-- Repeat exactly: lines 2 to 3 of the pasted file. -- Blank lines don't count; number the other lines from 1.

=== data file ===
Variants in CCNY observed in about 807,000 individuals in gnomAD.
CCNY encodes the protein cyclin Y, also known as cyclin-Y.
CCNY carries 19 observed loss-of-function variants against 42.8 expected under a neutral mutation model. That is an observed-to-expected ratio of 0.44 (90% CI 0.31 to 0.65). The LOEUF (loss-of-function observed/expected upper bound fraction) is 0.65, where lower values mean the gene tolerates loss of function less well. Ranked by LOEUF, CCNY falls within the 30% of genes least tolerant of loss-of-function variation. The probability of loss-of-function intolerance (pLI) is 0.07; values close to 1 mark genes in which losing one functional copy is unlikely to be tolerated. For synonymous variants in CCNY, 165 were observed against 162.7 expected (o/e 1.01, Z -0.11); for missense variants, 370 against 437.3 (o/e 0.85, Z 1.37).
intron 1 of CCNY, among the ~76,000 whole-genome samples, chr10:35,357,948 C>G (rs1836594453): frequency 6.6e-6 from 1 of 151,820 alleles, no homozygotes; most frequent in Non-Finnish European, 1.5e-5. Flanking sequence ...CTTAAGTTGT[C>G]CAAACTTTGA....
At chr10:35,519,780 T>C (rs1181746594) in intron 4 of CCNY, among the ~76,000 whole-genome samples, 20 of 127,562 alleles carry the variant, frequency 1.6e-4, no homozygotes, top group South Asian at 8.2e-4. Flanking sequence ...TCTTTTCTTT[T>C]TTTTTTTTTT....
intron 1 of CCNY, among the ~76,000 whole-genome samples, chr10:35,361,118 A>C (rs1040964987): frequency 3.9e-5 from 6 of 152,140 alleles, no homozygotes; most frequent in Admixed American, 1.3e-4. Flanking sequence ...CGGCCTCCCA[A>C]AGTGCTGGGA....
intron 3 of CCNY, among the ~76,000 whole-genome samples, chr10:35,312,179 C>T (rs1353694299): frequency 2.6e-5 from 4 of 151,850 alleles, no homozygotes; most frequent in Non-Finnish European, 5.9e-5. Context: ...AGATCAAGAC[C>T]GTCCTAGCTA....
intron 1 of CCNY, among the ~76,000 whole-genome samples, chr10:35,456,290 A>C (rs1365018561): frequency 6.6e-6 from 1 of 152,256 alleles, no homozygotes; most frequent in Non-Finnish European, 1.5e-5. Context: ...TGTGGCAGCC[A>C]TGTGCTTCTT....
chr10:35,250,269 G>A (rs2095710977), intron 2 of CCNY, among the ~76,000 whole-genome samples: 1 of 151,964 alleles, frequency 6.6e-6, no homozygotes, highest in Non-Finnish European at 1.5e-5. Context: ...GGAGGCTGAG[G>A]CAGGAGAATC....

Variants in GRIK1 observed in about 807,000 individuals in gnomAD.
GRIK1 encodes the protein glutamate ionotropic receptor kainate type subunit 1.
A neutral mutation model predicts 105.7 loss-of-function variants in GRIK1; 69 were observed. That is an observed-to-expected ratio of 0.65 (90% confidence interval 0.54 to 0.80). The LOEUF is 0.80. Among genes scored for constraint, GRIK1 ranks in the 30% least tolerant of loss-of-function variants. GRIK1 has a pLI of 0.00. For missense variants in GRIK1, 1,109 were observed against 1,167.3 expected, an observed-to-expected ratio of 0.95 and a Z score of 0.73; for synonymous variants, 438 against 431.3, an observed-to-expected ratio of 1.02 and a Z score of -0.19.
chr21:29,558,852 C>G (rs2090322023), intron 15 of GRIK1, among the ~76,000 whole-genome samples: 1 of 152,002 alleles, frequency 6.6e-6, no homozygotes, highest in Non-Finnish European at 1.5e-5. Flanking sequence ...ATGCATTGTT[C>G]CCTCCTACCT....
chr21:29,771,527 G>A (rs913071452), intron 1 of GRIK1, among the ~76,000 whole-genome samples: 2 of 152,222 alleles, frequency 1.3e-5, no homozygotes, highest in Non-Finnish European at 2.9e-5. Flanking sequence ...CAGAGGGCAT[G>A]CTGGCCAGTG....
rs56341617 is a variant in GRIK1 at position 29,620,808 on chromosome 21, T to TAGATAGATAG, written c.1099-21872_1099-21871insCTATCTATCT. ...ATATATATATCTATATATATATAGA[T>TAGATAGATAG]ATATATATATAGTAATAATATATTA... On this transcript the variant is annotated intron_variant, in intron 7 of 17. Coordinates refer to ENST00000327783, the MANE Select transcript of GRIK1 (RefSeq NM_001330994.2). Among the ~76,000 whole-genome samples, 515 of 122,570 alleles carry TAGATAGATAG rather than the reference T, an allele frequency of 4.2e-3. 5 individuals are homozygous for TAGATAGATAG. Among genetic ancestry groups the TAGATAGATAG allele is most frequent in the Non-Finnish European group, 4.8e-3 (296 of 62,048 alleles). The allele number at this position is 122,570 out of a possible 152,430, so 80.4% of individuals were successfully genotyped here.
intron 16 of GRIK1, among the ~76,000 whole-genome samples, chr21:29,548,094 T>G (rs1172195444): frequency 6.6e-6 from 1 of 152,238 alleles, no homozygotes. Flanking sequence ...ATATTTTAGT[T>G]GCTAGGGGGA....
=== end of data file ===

CCNY encodes the protein cyclin Y, also known as cyclin-Y.
CCNY carries 19 observed loss-of-function variants against 42.8 expected under a neutral mutation model. That is an observed-to-expected ratio of 0.44 (90% CI 0.31 to 0.65). The LOEUF (loss-of-function observed/expected upper bound fraction) is 0.65, where lower values mean the gene tolerates loss of function less well. Ranked by LOEUF, CCNY falls within the 30% of genes least tolerant of loss-of-function variation. The probability of loss-of-function intolerance (pLI) is 0.07; values close to 1 mark genes in which losing one functional copy is unlikely to be tolerated. For synonymous variants in CCNY, 165 were observed against 162.7 expected (o/e 1.01, Z -0.11); for missense variants, 370 against 437.3 (o/e 0.85, Z 1.37).